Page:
Early childhood education has a major impact of the future of children and society
Education is a broad field of study that provides researchers with a great deal of leeway to work abroad and pursue particular lines of research throughout their careers. Having worked at different universities around the world, Heidi Harju-Luukkainen, who recently took up a professorship at Tampere University, is an excellent example of academic mobility. She has research groups in multiple countries.
“I have always been fascinated with early childhood education because children develop and learn at such a rapid pace during early years. Early childhood is a time when it is possible to make a positive impact on children’s development and future by providing them with high-quality early childhood education that involves close collaboration with their families. Early education for children has a profound impact on society. As a researcher, I am honoured to have a front row seat to the latest developments in this field and the chance to make an impact on our future through research,” she says.
The topics that researchers investigate are affected by societal factors in all fields of research, including early childhood education.
“For example, sustainable development has become an especially important theme in childhood education studies. Bilingualism and multilingualism are also sure to become subjects of increasing scientific interest in Finland. In addition, we are sure to see some unexpected developments, such as international pandemics, that lead to new avenues of research,” she notes.
Broad research themes and international teams
Heidi Harju-Luukkainen is interested in the study of a variety of phenomena ranging from early childhood education to adult education. Lately, she has focused on early childhood education, such as pedagogy, language awareness, gifted children, collaboration with parents, early childhood special education, and assessment. She also studies compassionate academic communities.
“My research always involves collaboration with national or international partners. At present, I have several national and international projects underway. Our research group in Norway is conducting the world’s largest longitudinal study on early childhood education among Sami speakers as well as with other researchers we explore language awareness pedagogy in a day care centre and school where education is offered through the medium of South Sami. Together with a team of researchers from Australia, we are examining the experiences of early childhood education among families with an immigrant background and also studying academic communities,” Harju-Luukkainen says.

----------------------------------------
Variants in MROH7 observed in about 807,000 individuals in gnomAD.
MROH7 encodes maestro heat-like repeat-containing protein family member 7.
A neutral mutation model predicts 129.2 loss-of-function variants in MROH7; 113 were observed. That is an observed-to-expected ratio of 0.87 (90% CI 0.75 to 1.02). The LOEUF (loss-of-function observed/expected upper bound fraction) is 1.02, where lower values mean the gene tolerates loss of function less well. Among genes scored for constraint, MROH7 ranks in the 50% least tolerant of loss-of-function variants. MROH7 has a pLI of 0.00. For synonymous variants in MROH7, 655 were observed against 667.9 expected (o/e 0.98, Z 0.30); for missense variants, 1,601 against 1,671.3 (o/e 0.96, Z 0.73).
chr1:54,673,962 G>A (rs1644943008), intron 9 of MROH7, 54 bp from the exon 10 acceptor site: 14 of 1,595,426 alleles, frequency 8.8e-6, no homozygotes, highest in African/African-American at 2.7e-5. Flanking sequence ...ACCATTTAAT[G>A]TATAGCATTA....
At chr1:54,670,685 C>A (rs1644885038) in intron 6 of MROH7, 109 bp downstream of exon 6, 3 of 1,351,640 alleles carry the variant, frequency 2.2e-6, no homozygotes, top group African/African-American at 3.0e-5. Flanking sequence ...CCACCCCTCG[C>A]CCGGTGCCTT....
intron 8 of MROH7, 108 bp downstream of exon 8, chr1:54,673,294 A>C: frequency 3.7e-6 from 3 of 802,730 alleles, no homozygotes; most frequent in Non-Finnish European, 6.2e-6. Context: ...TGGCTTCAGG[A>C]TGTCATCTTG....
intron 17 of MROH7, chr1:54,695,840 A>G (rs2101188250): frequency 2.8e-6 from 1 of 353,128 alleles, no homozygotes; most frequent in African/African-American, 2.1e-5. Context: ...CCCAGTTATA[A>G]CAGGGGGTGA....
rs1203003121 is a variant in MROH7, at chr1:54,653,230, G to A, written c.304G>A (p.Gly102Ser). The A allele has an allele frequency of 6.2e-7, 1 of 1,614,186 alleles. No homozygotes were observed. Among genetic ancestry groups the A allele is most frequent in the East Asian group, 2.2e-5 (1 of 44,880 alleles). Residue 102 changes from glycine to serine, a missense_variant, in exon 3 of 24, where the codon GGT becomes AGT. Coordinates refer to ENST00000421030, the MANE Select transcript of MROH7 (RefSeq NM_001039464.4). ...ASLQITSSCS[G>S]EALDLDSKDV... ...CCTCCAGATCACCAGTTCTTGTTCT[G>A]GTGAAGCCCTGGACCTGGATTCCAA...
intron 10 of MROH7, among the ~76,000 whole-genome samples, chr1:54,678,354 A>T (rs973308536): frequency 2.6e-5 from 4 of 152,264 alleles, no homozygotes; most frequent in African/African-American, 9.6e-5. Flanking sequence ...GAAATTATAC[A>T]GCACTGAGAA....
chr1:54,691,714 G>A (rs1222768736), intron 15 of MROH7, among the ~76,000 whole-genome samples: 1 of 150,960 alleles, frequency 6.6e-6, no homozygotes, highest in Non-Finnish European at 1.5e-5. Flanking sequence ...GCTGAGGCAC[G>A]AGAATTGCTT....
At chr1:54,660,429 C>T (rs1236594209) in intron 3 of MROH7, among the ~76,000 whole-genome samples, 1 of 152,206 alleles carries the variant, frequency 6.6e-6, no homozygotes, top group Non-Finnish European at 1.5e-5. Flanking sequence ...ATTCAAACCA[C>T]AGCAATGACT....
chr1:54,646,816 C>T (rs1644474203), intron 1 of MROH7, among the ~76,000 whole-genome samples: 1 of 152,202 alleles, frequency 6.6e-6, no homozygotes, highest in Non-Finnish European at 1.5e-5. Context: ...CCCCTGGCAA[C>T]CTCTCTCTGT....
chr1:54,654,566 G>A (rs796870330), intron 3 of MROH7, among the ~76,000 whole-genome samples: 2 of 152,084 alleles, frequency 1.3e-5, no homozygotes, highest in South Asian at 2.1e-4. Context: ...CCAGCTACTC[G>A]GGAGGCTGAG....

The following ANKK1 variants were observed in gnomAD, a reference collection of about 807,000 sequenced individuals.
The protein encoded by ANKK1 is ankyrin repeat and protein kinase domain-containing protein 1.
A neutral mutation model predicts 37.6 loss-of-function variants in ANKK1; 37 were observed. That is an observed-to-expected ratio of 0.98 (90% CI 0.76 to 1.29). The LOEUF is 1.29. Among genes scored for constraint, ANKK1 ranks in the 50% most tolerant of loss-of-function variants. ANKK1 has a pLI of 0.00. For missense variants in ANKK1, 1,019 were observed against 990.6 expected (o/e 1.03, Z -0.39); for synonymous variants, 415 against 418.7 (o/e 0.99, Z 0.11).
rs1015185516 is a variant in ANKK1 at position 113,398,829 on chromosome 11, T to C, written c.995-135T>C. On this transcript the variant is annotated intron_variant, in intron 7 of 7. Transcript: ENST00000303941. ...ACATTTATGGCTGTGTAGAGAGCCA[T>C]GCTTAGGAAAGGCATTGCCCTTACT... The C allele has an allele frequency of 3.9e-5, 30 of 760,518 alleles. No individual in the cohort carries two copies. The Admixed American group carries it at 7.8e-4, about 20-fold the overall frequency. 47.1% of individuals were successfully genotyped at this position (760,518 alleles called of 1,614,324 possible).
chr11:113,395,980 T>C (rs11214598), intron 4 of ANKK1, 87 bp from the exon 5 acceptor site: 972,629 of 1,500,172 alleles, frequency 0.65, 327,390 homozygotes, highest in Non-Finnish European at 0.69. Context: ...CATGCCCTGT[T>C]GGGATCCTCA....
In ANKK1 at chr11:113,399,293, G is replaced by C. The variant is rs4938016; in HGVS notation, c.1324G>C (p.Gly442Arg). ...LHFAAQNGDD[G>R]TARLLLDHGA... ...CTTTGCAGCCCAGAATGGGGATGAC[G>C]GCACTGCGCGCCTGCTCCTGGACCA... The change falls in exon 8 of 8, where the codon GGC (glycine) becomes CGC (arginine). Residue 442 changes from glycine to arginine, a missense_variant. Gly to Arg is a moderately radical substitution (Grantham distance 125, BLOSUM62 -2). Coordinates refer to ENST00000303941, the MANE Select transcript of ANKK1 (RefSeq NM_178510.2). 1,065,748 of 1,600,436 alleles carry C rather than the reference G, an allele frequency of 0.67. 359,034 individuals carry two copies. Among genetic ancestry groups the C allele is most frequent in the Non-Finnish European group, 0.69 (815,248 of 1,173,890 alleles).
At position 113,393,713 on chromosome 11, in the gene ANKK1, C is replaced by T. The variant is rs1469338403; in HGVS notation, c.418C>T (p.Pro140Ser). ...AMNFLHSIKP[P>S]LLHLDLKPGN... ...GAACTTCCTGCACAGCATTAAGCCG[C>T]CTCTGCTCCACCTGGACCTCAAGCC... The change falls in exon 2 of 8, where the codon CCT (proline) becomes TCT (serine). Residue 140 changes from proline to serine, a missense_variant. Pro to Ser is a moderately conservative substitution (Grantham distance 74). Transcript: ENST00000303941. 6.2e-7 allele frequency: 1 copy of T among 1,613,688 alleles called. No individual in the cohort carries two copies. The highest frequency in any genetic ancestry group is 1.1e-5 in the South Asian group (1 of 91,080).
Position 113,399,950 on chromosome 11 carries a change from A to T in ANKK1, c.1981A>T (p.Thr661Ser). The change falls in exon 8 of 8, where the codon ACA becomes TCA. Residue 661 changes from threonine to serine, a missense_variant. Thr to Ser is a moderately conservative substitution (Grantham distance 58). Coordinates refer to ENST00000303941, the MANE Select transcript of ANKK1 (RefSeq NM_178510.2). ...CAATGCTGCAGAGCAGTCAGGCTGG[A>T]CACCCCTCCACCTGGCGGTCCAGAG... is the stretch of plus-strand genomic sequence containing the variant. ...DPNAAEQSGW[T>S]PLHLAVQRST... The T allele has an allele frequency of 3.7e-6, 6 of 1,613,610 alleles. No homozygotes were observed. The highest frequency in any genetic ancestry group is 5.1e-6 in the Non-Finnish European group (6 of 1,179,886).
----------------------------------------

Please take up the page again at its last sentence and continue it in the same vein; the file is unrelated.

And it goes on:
At the national level, Harju-Luukkainen is studying pedagogical leadership in the context of early childhood education, language aware pedagogy, the definition of early childhood education pedagogy, gifted children, the future roles of early childhood educators, and online teaching.
“My research interests cover a broad spectrum of topics. In these different research groups we will publish a large number of papers as well as edited volumes again this year. More than a hundred researchers from around the world have participated in authoring the volumes.”
Dr Chili promotes learning
Heidi Harju-Luukkainen also has a slightly more unorthodox area of interest: dog-assisted learning.
“Sometimes our miniature poodle Dr Chili pops into my class and helps me test dog-assisted learning in practice. I am actively involved in dog obedience training and dog shows in my free time. I also enjoy knitting socks and being an active member in non-profit organisations. Throughout my career, my family – my husband and three children of whom I am exceedingly proud – has provided me with invaluable support and encouragement,” she says.
“I have amassed a long academic track record and I am grateful for my professional achievements. I have been able to make an impact on the development of the educational field and the future of education in Finland and beyond. I have also had the opportunity to contribute to the development of teacher training in multiple countries. Now I feel I have a reached a point in my career where it is time to give back of all this good, I have received during my career and share what I have learned. I feel happy when I can help the next generation of researchers develop on their careers and to support my academic community.”
Text: Sanna Kähkönen
Photo: Heidi Harju-Luukkainen’s photo archive